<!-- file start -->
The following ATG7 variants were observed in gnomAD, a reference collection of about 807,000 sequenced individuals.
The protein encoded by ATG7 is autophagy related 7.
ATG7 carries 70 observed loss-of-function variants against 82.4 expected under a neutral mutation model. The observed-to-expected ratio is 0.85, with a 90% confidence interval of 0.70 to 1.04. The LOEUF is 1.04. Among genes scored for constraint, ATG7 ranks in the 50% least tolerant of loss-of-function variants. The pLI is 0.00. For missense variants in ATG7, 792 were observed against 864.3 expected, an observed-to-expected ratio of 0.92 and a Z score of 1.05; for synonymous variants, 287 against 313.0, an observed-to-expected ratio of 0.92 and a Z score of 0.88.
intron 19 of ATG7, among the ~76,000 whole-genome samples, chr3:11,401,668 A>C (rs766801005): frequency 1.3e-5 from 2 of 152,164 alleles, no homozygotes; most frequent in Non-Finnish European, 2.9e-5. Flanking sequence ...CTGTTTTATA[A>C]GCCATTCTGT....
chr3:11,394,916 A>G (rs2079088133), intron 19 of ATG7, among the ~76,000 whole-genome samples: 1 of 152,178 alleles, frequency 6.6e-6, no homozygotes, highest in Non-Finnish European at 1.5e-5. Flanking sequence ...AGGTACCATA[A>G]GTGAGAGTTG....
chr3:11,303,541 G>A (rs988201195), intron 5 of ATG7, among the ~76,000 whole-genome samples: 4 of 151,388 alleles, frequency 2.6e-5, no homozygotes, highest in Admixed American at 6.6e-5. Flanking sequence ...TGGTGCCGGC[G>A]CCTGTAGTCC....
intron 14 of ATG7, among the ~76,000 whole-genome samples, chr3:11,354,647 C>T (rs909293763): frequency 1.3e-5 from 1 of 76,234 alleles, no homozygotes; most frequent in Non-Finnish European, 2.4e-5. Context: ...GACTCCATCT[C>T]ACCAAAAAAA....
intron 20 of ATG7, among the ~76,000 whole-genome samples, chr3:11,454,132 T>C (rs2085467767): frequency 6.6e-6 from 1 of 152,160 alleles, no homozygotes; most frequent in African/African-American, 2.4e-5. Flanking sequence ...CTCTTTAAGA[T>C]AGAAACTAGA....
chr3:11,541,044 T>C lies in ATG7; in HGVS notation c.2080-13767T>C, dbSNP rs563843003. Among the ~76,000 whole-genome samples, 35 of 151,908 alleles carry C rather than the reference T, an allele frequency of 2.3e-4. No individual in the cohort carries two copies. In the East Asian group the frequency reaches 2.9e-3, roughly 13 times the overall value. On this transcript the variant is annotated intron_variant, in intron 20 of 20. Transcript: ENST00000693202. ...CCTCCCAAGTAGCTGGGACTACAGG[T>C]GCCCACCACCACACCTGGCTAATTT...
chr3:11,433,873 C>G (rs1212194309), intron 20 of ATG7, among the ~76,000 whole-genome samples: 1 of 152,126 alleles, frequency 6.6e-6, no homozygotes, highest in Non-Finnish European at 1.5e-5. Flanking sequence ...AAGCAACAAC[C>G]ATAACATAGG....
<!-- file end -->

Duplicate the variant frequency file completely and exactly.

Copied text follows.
The following ATG7 variants were observed in gnomAD, a reference collection of about 807,000 sequenced individuals.
The protein encoded by ATG7 is autophagy related 7.
ATG7 carries 70 observed loss-of-function variants against 82.4 expected under a neutral mutation model. The observed-to-expected ratio is 0.85, with a 90% confidence interval of 0.70 to 1.04. The LOEUF is 1.04. Among genes scored for constraint, ATG7 ranks in the 50% least tolerant of loss-of-function variants. The pLI is 0.00. For missense variants in ATG7, 792 were observed against 864.3 expected, an observed-to-expected ratio of 0.92 and a Z score of 1.05; for synonymous variants, 287 against 313.0, an observed-to-expected ratio of 0.92 and a Z score of 0.88.
intron 19 of ATG7, among the ~76,000 whole-genome samples, chr3:11,401,668 A>C (rs766801005): frequency 1.3e-5 from 2 of 152,164 alleles, no homozygotes; most frequent in Non-Finnish European, 2.9e-5. Flanking sequence ...CTGTTTTATA[A>C]GCCATTCTGT....
chr3:11,394,916 A>G (rs2079088133), intron 19 of ATG7, among the ~76,000 whole-genome samples: 1 of 152,178 alleles, frequency 6.6e-6, no homozygotes, highest in Non-Finnish European at 1.5e-5. Flanking sequence ...AGGTACCATA[A>G]GTGAGAGTTG....
chr3:11,303,541 G>A (rs988201195), intron 5 of ATG7, among the ~76,000 whole-genome samples: 4 of 151,388 alleles, frequency 2.6e-5, no homozygotes, highest in Admixed American at 6.6e-5. Flanking sequence ...TGGTGCCGGC[G>A]CCTGTAGTCC....
intron 14 of ATG7, among the ~76,000 whole-genome samples, chr3:11,354,647 C>T (rs909293763): frequency 1.3e-5 from 1 of 76,234 alleles, no homozygotes; most frequent in Non-Finnish European, 2.4e-5. Context: ...GACTCCATCT[C>T]ACCAAAAAAA....
intron 20 of ATG7, among the ~76,000 whole-genome samples, chr3:11,454,132 T>C (rs2085467767): frequency 6.6e-6 from 1 of 152,160 alleles, no homozygotes; most frequent in African/African-American, 2.4e-5. Flanking sequence ...CTCTTTAAGA[T>C]AGAAACTAGA....
chr3:11,541,044 T>C lies in ATG7; in HGVS notation c.2080-13767T>C, dbSNP rs563843003. Among the ~76,000 whole-genome samples, 35 of 151,908 alleles carry C rather than the reference T, an allele frequency of 2.3e-4. No individual in the cohort carries two copies. In the East Asian group the frequency reaches 2.9e-3, roughly 13 times the overall value. On this transcript the variant is annotated intron_variant, in intron 20 of 20. Transcript: ENST00000693202. ...CCTCCCAAGTAGCTGGGACTACAGG[T>C]GCCCACCACCACACCTGGCTAATTT...
chr3:11,433,873 C>G (rs1212194309), intron 20 of ATG7, among the ~76,000 whole-genome samples: 1 of 152,126 alleles, frequency 6.6e-6, no homozygotes, highest in Non-Finnish European at 1.5e-5. Flanking sequence ...AAGCAACAAC[C>G]ATAACATAGG....